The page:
Buy it here

This list has been compiled with thanks to bookshop.org and Daunt Books

What London’s Reading Now: 21 May 2021

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(Publisher handouts)

Slug by Hollie McNish (Little, Brown, £14.99)

In this briskly enjoyable prose and poetry collection, McNish plunges in at the deep end, covering a range of subjects from masturbation to menstruation, from periods to parenting. Writing about her late grandmother brings tear while her poem Nobody Told Me, about the awfulness of being a teenage girl - remember - is quite something.

Buy it here

One: Pot, Pan, Planet: A Greener Way to Cook for You, Your Family and the Planet by Anna Jones (HarperCollins, £26)

It’s all about fruit and veg, with the occasional indulgent splash of coconut milk or exotic spice. Mainly though, it’s sticking to seasonal and British, eliminating waste and remembering to compost. Pictures are gorgeously drained-down and recipes are simple.

Buy it here

The Anthropocene Reviewed by John Green (Ebury, £16.99)

We are living in an age of hyper-acceleration, also known as the Anthropocene, characterised by continuous change, from pandemics to global warming. Best known for his hit novel, The Fault In Our Stars, Green analyses how we can best cope, by ‘reviewing’ products from Dr Pepper to Canada Goose, and their impact on the planet.

The Baby Is Mine by Oyinkan Braithwaite (Atlantic, £1)

Set in Lagos, like her last novel, The Baby is Mine reimagines an Old Testament tale in a 2020 context. Part drama, part thriller, it is a gripping distillation of Braithwaite’s distinctive brand of comic domestic noir. Quick Reads is an adult literacy initiative; for every copy purchased up to July 31st, another is gifted to a less assured reader.

Buy it here

Editor’s Choice: The Pursuit of Love: With Love in a Cold Climate and The Blessing by Nancy Mitford (Penguin, £10.99)

If you’ve only just discovered Nancy Mitford’s frothy acid-laced humour and affectionate take-down of the upper-classes in England between the wars courtesy of the BBC adaptation of The Pursuit of Love, treat yourself to this triple whammy. Orfully amusing, but also with an edge of sadness about the fleeting nature of love.

Buy it here

What London’s Reading Now: 14 May 2021

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(Friday_reading_14.5.21.jpg)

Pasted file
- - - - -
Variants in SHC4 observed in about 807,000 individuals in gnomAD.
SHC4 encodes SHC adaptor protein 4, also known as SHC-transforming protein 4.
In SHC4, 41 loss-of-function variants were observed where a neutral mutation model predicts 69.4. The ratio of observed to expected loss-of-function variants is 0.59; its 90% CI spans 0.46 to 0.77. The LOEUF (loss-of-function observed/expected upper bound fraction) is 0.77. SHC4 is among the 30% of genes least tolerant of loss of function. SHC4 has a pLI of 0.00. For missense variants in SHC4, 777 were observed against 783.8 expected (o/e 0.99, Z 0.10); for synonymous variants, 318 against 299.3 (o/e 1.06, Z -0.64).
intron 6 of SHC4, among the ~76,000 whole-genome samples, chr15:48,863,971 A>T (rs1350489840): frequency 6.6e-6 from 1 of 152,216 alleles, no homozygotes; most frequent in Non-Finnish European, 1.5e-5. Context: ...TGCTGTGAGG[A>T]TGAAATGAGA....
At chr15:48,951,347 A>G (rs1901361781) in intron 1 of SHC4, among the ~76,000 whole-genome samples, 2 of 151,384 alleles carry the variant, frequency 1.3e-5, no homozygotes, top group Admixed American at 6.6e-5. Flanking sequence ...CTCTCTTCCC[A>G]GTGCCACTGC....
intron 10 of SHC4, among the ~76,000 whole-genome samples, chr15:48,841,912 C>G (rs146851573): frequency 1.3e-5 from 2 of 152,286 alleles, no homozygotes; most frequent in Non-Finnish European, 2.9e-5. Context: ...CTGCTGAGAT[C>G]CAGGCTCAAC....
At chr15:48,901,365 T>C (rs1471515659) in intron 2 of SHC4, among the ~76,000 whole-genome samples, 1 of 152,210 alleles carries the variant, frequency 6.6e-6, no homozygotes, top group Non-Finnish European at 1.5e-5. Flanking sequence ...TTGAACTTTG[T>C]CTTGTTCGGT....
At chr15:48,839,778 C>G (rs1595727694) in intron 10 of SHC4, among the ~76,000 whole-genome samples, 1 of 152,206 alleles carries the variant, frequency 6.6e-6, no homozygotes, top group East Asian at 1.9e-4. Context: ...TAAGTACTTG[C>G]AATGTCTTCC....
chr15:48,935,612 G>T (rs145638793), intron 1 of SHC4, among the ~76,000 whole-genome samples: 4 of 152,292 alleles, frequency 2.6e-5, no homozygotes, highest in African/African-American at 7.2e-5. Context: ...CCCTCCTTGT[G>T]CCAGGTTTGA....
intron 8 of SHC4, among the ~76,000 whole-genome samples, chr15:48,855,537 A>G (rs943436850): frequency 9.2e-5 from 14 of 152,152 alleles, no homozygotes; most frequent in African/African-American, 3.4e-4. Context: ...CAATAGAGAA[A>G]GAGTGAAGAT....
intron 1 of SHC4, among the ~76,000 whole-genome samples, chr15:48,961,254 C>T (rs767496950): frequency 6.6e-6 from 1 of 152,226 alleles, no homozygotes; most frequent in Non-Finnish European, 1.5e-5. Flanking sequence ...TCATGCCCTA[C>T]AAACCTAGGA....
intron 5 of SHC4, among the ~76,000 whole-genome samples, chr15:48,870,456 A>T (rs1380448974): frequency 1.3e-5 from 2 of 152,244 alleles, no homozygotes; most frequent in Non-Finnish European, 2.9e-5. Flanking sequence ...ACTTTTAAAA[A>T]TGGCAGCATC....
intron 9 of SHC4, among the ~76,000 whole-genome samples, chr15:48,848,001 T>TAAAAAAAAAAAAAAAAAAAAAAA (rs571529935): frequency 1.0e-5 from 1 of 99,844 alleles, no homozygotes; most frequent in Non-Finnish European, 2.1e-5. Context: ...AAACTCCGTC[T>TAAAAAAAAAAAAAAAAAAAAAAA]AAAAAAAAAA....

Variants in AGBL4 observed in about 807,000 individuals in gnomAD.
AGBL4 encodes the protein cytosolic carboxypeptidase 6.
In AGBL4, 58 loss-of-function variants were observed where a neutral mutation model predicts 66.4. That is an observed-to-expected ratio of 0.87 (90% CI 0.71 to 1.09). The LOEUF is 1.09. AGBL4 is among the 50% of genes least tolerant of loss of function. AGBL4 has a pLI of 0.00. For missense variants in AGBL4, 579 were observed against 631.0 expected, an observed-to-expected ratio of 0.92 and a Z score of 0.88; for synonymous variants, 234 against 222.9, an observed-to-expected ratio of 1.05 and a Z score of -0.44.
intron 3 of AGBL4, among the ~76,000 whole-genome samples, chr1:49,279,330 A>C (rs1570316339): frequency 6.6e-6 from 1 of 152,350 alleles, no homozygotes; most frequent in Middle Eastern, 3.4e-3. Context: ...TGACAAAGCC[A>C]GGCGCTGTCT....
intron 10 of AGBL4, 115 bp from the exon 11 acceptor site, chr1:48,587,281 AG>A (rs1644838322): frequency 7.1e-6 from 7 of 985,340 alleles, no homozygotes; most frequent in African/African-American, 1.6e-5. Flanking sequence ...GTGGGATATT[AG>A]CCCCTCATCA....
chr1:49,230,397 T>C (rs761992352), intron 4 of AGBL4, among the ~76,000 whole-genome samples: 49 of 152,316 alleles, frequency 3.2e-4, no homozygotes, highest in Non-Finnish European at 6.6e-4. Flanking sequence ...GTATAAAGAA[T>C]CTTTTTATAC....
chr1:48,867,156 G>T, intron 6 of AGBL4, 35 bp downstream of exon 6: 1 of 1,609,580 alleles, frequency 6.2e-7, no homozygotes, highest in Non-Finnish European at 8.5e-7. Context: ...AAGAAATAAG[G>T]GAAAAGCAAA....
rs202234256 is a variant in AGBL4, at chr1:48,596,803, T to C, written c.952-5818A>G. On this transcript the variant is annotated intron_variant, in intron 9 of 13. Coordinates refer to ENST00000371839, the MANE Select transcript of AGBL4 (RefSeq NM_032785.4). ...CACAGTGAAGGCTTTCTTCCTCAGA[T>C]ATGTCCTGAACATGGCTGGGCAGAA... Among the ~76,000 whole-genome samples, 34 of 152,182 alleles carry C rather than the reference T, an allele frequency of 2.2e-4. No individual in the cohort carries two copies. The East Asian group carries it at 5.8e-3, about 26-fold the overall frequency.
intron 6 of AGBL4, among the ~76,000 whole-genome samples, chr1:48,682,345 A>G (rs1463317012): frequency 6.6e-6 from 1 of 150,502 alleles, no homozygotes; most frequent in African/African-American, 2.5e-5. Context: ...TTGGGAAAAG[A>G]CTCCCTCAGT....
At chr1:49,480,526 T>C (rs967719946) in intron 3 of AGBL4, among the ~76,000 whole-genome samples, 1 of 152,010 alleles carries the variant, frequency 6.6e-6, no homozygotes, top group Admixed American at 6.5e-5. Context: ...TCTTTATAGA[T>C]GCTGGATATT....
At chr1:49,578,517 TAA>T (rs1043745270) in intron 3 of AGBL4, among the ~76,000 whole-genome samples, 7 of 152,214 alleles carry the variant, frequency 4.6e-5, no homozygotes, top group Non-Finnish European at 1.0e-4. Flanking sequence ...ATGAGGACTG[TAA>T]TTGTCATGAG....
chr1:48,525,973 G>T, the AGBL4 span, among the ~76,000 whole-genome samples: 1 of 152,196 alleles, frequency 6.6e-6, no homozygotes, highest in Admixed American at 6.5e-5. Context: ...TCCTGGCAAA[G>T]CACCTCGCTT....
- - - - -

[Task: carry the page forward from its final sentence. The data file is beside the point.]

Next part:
Waypoints: A Journey on Foot by Rob Martineau (Cape, £16.99 )

At the age of 27, Martineau, a lawyer in London, quit his job and embarked on a 1,000 mile walk with a backpack through West Africa, from Accra to Ouidah on the Beninese Coast. This is his story, beautifully-written, of how his pilgrimage of sorts changed him forever.

Buy it here

Material Girls: Why Reality Matters for Feminism by Kathleen Stock (Little Brown, £16.99)

Stock tackles several key axioms of trans activism, from the idea that everyone has an inner gender identity that might not match our biological sex to the pressure on people to acknowledge and legally protect gender identity instead of biological sex. Clear-sighted.

Buy it here

What London’s Reading Now: 7 May 2021

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What White People Can Do Next: From Allyship to Coalition by Emma Dabiri (Penguin, £8)

From the Irish Nigerian author of Don’t Touch My Hair comes this essay which challenges the whole genre of anti-racism books that have become the new darlings of the publishing industry. Putting black squares on your website just doesn’t cut it. Buy it here

Klara and the Sun by Kazuo Ishiguro (Faber, £20)

Klara, an artificial friend - ie a robot - to young Josie, is curious to learn more about the strange world around her, including the complex emotions of humans. Set in an imaginary futuristic city somewhere in the US, the Nobel Prize winner’s seventh novel packs a devastating emotional punch with gentle determination. Buy it here

Detransition, Baby by Torrey Peters(Serpent’s Tail, £14.99)

Could this be the most unconventional love story ever written? Reese, a trans woman breaks up with her girlfriend, Amy, also trans, who then detransitions, only to impregnate his boss, Katrina; when Katrina becomes pregnant, Reese has the chance to become a mother. Long listed, albeit controversially, for this year’s Woman’s Prize. Buy it here

Letters to Camondo by Edmund de Waal (Chatto, £14.99)

Following the success of his bestselling The Hare with Amber Eyes, de Waal imagines through a series of made-up letters to Count Moïse de Camando, the lives and turbulent times of the count and his family, as he wanders through their treasure-filled Parisian palace, the Musee Nissim de Camondo, unchanged since 1936. Buy it here

Editor’s Choice: Bear by Marian Engel (Daunt, £9.99)

Hailed as an erotic masterpiece when it was first published in the 1970s, this Canadian feminist tale, published in the UK for the first time, about a woman having sex with a bear in the wilds of northern Ontario, is completely nutty but oddly beguiling. Buy it here

This list has been compiled with thanks to bookshop.org and Daunt Books